Content Language Tags

Certain search engines, such as Bing, do not support the rel="alternate" hreflang="x" annotations. There are three methods that can be used to help these search engines determine which language is being targeted.

HTML meta element

In the <head> section of the page, add a <meta> element with the http-equiv="content-language" attribute that specifies the language of the page.

Code example

  <meta http-equiv="content-language" content="en-us" />

Note that this meta tag is reported as deprecated but Bing still looks at this signal to understand the language and the targeted audience of a web page. Therefore it is still a good idea to implement it in the <head> section of each page on the site with the appropriate language-locale code.

HTTP response header

An HTTP header can be used to indicate the language of a page for host-wide location tagging or non-HTML document such as PDFs.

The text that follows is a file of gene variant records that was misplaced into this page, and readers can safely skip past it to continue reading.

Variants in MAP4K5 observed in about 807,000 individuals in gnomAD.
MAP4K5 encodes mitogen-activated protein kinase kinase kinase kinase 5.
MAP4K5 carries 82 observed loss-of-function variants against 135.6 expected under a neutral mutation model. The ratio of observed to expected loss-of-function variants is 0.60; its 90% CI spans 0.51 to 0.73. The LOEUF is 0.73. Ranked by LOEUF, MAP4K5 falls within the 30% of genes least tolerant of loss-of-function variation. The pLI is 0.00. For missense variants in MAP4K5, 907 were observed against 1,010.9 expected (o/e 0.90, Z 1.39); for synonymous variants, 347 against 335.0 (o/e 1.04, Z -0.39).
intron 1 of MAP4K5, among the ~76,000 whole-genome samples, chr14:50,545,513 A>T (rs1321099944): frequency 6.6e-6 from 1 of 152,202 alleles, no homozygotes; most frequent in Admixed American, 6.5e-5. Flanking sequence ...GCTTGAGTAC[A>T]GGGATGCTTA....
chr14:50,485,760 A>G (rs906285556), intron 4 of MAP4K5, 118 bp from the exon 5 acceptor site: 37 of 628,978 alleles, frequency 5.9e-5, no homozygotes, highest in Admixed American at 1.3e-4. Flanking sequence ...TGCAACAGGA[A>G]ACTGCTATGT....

HTTP/1.1 200 OK
Content-Language: en-us

<html> tag language attribute

A language attribute on the <html> tag (lang and/or xml:lang) should be used to declare the default language of the actual text in the page, as such:

Code example

<html lang="en-us">

Related Topics

hreflang Tags

hreflang tags help indicate Google and Yandex in what language the content of a page is written and what audience (region) this content is targeting. This allows those search engines to serve the right content to the right user.

Learn more about hreflang tags

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